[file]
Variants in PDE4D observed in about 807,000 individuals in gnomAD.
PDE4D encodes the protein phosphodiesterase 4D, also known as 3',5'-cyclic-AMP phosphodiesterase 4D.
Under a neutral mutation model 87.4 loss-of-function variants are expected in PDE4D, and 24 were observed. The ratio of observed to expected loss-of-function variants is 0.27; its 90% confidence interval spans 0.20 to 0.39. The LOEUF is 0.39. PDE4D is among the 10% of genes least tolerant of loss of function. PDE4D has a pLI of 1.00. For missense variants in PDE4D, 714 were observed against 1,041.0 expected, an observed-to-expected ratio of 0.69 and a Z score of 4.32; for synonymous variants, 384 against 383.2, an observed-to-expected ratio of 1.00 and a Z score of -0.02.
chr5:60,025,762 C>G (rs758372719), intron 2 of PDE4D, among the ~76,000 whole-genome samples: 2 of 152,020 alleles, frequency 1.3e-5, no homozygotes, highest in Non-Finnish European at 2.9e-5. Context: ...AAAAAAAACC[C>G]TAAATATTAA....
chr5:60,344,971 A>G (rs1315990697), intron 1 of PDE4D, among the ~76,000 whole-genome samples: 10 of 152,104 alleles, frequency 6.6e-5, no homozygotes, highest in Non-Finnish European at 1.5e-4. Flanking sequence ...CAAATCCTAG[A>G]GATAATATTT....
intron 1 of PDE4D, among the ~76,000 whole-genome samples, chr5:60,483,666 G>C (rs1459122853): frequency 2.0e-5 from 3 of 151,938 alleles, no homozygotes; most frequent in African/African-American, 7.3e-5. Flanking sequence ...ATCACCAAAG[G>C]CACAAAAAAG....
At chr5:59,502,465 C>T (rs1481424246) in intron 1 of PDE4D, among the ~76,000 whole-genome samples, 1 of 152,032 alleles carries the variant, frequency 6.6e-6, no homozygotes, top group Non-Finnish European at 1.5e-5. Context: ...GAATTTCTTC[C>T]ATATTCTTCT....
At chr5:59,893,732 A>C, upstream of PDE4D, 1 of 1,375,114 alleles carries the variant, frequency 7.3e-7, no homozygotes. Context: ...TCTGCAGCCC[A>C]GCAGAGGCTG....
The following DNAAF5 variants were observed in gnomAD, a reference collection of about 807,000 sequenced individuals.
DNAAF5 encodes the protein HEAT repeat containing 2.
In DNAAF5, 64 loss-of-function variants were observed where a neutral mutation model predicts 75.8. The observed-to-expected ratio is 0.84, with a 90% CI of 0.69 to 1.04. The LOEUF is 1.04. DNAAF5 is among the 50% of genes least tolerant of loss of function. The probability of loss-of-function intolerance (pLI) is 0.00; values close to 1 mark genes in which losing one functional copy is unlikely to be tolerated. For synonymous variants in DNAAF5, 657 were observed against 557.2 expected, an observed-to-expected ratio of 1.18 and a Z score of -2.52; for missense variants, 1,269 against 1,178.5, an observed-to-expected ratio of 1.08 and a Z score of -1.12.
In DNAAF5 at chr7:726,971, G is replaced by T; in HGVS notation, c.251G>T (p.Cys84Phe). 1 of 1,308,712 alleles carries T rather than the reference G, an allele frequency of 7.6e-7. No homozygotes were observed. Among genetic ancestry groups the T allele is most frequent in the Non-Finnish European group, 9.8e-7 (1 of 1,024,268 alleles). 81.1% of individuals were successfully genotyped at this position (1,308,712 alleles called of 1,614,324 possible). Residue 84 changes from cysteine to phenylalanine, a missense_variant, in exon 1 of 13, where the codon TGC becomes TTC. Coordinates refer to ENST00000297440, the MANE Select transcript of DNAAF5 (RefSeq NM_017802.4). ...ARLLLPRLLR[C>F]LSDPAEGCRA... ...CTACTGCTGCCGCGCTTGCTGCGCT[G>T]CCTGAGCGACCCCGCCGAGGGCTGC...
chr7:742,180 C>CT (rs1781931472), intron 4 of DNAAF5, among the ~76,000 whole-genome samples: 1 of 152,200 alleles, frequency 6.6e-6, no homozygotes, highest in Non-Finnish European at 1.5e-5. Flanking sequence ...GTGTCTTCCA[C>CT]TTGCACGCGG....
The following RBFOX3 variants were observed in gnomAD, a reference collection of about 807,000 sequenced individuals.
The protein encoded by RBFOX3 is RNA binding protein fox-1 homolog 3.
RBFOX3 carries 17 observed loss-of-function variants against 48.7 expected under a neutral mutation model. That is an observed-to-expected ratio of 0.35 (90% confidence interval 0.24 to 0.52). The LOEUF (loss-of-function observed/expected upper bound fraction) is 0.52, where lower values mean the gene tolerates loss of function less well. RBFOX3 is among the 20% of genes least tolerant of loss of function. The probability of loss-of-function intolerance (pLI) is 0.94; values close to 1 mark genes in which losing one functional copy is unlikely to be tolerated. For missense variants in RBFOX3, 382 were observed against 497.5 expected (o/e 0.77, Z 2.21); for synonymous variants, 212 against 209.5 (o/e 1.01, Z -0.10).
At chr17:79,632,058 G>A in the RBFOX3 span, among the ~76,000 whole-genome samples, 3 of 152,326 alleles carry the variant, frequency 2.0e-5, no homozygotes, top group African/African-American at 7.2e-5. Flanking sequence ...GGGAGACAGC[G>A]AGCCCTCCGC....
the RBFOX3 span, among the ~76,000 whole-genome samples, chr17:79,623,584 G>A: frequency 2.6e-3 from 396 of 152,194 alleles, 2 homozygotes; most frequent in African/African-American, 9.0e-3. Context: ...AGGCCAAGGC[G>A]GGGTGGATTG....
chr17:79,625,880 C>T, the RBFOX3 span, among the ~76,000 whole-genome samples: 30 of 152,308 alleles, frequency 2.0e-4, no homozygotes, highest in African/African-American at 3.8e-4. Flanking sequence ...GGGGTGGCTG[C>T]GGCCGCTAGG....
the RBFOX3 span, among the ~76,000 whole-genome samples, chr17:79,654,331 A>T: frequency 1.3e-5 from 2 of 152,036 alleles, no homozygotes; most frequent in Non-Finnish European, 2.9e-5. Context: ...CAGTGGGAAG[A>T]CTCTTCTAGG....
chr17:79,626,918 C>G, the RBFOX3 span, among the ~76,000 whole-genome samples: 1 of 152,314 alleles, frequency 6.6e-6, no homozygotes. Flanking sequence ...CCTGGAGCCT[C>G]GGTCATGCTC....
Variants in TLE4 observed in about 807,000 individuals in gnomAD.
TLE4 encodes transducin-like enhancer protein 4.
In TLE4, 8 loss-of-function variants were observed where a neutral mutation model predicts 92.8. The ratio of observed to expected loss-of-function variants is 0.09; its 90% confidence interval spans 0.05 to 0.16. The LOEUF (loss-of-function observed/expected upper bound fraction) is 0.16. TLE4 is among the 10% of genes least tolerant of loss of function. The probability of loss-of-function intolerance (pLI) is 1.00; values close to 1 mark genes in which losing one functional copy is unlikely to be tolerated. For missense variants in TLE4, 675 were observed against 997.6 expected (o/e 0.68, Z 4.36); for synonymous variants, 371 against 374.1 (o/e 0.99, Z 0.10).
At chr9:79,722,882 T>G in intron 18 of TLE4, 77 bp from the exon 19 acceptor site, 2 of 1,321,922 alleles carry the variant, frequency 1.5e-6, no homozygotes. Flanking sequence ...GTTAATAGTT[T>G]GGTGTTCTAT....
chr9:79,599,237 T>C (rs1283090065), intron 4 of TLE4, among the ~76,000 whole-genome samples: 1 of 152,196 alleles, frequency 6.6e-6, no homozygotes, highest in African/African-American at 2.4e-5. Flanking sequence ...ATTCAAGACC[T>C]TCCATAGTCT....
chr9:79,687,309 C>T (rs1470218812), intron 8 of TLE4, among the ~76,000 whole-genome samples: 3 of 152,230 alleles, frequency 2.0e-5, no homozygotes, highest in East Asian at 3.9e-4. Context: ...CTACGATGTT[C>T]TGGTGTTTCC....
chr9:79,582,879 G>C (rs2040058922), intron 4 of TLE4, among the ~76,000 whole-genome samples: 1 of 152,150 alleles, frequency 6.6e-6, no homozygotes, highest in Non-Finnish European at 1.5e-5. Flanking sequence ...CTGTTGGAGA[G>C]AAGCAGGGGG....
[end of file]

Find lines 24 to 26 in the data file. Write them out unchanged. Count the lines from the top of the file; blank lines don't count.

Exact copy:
In TLE4, 8 loss-of-function variants were observed where a neutral mutation model predicts 92.8. The ratio of observed to expected loss-of-function variants is 0.09; its 90% confidence interval spans 0.05 to 0.16. The LOEUF (loss-of-function observed/expected upper bound fraction) is 0.16. TLE4 is among the 10% of genes least tolerant of loss of function. The probability of loss-of-function intolerance (pLI) is 1.00; values close to 1 mark genes in which losing one functional copy is unlikely to be tolerated. For missense variants in TLE4, 675 were observed against 997.6 expected (o/e 0.68, Z 4.36); for synonymous variants, 371 against 374.1 (o/e 0.99, Z 0.10).
At chr9:79,722,882 T>G in intron 18 of TLE4, 77 bp from the exon 19 acceptor site, 2 of 1,321,922 alleles carry the variant, frequency 1.5e-6, no homozygotes. Flanking sequence ...GTTAATAGTT[T>G]GGTGTTCTAT....
chr9:79,599,237 T>C (rs1283090065), intron 4 of TLE4, among the ~76,000 whole-genome samples: 1 of 152,196 alleles, frequency 6.6e-6, no homozygotes, highest in African/African-American at 2.4e-5. Flanking sequence ...ATTCAAGACC[T>C]TCCATAGTCT....